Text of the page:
Interview with Leo Babauta
Michael Sliwinski: Let’s start with your blog — you launched it about the same time I launched Nozbe (early 2007) and I’ve been tracking it from the beginning and the growth over 2007 has been incredible, from just a couple of hundred of subscribers to tens of thousands by the end of the year, how did you do it? What were the key components to your success?
Leo Babauta: The main thing I’ve done is try to produce extremely useful posts, perhaps 4—5 times a week. I experimented a lot by doing different types of posts and posting schedules, and I’ve found what’s optimal for my readers, for growth, and for my schedule. The key part of this strategy is giving away really useful content that solves readers’ problems. If you keep doing that, they’ll keep coming back, and once you get a decent reader base these types of useful posts also tend to get popular on social media sites such as delicious, stumbleupon, digg and twitter.
Of course, you have to let people know you’re out there, so my second winning strategy has been to write as many guest posts as possible. When you write a guest post for another blog, preferably one that has a lot of the type of readers you’re going after, you’ll reach a lot of new readers and you’ll show them just how great your content is. Then they’ll go to your site, and if you’ve created a lot of great content there too, they’re likely to subscribe.
I’ve tried other strategies as well, but these two strategies are what have been most effective for me.
Michael: Your blog is more than 2 years online now and it’s one of the top blogs on the Internet (not just among productivity blogs), I see you’ve changed your design to be more “zen” like, what is your next step? Next action? What plans do you have for your blog this year and beyond?
Leo: I don’t really plan too far ahead — when I do that, the plans tend to fall apart. I prefer to just focus on what I’m doing right now and see what opportunities come up, going with the flow as it were.
I’m really enjoying how things are going with Zen Habits right now, and I don’t have plans to “improve” the blog. I hope to keep writing about this stuff and having fun doing it. However, I’m working right now on a couple of seminars to help people achieve their goals — similar to what I’m doing on the blog, but more hands on.
Michael: Your book, “The Power of Less: The Fine Art of Limiting Yourself to the Essential…in Business and in Life” has become a bestseller, when did you manage to write it and what did the process look like? Was it hard to get the book published? Did the success of your e-books help? What would you advise wannabe-authors based on your experience?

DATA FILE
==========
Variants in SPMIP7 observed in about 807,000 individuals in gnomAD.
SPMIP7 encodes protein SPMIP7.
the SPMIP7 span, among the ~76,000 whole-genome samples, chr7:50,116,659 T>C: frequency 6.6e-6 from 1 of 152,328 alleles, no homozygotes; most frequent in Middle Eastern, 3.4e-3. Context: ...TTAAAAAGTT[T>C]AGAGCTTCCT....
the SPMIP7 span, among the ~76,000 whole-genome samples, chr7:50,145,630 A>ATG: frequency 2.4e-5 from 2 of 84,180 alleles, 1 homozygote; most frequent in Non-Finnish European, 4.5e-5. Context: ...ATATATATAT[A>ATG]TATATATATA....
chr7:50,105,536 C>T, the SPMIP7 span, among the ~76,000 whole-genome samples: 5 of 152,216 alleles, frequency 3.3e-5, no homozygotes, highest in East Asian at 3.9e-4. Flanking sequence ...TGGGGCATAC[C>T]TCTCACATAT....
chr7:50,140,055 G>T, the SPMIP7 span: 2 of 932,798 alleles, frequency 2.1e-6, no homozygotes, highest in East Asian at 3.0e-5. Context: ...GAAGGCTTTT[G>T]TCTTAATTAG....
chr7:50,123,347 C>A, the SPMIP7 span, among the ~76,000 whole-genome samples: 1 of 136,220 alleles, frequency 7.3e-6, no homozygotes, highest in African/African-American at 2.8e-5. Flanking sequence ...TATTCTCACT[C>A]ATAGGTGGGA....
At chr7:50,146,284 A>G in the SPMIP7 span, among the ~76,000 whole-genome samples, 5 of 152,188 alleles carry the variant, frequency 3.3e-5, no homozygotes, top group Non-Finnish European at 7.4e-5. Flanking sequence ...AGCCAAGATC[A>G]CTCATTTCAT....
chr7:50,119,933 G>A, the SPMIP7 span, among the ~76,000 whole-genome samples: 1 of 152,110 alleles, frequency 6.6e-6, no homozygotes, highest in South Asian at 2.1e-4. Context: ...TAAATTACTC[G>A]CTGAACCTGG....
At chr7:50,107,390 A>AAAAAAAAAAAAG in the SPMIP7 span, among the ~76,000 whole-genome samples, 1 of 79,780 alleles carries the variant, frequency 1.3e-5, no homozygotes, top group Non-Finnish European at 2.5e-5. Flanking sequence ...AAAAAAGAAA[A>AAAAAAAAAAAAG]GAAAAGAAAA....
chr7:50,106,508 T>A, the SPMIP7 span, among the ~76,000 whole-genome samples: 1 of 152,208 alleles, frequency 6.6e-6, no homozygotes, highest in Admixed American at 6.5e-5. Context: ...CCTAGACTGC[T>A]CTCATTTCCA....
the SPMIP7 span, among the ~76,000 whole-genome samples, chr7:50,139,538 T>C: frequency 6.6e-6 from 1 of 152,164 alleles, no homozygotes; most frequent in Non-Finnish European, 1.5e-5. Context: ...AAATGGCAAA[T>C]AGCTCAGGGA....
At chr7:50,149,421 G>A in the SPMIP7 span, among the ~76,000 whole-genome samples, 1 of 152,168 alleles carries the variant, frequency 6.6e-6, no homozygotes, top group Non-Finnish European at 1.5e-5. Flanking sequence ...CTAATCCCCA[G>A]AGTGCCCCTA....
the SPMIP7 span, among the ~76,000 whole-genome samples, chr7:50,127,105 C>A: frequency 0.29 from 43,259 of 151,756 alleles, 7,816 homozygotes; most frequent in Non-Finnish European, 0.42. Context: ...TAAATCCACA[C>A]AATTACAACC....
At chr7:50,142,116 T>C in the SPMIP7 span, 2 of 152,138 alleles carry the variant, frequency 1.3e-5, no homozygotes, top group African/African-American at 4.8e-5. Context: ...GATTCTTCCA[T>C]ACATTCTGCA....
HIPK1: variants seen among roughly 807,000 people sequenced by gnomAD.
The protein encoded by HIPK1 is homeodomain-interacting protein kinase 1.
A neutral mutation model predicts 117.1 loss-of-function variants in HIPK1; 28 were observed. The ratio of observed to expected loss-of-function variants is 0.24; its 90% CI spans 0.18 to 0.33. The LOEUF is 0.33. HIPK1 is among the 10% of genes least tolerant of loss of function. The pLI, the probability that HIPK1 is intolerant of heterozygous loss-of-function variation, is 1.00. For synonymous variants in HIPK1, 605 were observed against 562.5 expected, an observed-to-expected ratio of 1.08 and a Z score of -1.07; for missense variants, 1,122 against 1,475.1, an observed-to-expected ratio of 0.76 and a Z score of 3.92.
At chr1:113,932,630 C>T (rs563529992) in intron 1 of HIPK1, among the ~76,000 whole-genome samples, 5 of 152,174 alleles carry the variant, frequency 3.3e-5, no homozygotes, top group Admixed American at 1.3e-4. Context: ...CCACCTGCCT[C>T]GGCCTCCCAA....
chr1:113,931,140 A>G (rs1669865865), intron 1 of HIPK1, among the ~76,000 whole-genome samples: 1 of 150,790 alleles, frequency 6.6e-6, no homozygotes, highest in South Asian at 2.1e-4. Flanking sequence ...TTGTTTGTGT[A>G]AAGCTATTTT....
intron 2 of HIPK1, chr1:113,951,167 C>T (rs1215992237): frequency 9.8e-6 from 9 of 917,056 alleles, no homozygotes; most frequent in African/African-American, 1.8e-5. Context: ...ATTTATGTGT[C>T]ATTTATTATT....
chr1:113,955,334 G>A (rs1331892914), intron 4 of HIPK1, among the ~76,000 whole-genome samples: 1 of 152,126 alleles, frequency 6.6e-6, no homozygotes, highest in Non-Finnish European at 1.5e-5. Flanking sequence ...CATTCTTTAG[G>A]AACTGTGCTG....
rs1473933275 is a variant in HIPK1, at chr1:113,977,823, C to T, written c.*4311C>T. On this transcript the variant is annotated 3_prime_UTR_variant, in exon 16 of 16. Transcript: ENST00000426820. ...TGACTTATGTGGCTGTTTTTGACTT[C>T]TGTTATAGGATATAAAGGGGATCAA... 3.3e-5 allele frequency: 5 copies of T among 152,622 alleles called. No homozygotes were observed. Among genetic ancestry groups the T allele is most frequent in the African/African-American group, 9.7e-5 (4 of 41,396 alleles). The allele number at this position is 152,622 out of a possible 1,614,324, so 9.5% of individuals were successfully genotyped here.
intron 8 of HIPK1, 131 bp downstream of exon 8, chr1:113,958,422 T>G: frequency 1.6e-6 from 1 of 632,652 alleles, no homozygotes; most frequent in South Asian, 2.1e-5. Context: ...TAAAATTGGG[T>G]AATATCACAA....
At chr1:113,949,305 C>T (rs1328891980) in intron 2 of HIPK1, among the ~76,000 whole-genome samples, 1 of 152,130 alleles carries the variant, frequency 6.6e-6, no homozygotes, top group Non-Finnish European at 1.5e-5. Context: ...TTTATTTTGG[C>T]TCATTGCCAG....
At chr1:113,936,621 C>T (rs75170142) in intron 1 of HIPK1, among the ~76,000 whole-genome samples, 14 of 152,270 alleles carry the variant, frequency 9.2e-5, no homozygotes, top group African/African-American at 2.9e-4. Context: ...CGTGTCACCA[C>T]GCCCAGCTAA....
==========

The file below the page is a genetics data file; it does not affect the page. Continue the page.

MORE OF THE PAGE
Leo: I tell you, it’s tough to write a book and run a busy blog at the same time. The next time I do it, I will probably set up a bunch of posts in advance and take 2—3 week “vacations” to focus on the book writing.
I tried to do both at the same time and I had a difficult time. I would write my book in the morning and then do blog things in the late morning and afternoon. Sometimes I’d get lazy with one or the other and they’d suffer. :)
Surprisingly, it wasn’t hard to get published — what really helped was that my blog was finding some amazing success, really resonating with readers. As a result I had some agents and publishers approach me about doing a book on similar topics, and I jumped at the chance.
I’d advise potential authors to build up a blog, and find a topic and angle that is different from whatever else is out there — something that really resonates with you personally, and with your readers. That’s what worked for me, and once I found some success, it was an easy sell to publish the book.
Photo by Karen Walrond
Michael: I know from your blog that you’re an early riser and you’re waking up at crazy 4.30 am. What do you do that early in the morning? What does your morning look like?
Leo: I really love the early morning hours — a time when most of the world around me is asleep, when I can enjoy the quiet and read or meditate or exercise or write, and really focus.
My morning routine changes frequently, as I like to change things up. Also, I should note that I wake at different times — sometimes 4 a.m., sometimes 4:30 or 5, sometimes as late as 6 or 7 if I stayed up late for some reason. Right now, my morning routine is: wake, have coffee and read, meditate (sometimes) and give gratitude, write, exercise, then do email and Twitter, then write again.
Michael: I’m struggling to become an early riser myself but I always fail (after several attempts). The main problem is family support (lack of it - my wife likes to stay up late) and even if I do wake up early, I struggle to get anything done, I’m sleepy… can you help?
Leo: It’s tough if your spouse doesn’t support you, or if you have different sleeping schedules. It’s really important that you enlist her help, tell her what you want to do and why and ask for her to help you succeed. She shouldn’t have to change her pattern, but maybe she can help you somehow.